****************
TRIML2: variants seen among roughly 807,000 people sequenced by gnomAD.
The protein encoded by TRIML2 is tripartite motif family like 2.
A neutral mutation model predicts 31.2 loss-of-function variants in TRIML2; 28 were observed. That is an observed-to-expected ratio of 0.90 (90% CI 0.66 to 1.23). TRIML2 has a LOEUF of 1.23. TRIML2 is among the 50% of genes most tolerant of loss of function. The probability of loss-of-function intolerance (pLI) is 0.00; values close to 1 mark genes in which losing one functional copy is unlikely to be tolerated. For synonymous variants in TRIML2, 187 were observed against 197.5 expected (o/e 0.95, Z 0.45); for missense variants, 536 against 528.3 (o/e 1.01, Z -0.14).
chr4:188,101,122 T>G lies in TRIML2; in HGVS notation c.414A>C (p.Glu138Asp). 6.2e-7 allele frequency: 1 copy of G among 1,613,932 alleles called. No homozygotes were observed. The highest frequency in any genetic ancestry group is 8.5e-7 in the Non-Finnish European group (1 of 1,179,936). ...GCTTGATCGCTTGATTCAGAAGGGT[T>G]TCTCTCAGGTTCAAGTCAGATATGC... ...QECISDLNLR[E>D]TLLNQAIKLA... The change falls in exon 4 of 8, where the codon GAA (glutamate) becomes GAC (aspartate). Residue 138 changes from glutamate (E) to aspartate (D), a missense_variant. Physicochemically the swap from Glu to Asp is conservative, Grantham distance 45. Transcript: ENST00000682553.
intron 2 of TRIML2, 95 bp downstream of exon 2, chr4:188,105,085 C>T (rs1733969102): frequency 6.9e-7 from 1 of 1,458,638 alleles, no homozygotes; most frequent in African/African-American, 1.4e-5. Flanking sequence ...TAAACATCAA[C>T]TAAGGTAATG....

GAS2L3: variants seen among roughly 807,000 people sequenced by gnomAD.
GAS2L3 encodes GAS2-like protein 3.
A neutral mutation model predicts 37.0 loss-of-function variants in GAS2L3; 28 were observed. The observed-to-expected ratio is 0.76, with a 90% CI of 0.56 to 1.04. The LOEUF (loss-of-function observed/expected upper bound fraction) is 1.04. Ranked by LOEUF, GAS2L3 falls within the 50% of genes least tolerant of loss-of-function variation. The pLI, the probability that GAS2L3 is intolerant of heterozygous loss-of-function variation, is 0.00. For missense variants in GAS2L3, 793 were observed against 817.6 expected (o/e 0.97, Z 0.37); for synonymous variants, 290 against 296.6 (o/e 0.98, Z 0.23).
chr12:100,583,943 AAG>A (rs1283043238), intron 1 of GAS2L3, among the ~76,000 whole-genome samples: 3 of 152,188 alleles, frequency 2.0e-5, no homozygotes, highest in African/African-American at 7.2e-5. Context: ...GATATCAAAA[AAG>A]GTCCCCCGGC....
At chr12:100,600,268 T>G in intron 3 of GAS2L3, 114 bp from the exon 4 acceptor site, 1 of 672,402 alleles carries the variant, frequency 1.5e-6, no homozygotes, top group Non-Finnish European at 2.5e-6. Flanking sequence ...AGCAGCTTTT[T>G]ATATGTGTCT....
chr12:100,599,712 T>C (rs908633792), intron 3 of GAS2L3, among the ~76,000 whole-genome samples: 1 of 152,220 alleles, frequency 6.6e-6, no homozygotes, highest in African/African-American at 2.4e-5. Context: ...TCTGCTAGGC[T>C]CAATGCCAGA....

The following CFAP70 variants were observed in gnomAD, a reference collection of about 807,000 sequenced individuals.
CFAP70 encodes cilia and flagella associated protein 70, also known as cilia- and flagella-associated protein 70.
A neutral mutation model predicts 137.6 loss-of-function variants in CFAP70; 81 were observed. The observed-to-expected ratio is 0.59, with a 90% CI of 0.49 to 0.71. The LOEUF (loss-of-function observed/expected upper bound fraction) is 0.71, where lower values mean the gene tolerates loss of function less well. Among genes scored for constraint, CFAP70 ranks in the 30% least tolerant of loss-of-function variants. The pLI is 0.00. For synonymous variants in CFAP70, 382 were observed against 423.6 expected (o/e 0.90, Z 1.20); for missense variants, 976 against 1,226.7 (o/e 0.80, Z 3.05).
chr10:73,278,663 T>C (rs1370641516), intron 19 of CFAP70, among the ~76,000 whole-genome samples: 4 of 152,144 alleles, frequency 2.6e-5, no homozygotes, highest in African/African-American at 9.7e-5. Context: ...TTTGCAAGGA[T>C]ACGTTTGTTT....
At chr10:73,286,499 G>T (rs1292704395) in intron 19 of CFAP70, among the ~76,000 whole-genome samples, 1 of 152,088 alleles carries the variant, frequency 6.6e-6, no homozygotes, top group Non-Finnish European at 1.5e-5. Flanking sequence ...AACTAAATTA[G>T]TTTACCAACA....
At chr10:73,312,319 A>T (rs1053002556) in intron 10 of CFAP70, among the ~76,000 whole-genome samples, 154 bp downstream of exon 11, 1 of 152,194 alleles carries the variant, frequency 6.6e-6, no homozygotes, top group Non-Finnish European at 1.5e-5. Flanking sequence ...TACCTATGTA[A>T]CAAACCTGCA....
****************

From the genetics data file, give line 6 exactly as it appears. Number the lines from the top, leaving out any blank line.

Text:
GAS2L3: variants seen among roughly 807,000 people sequenced by gnomAD.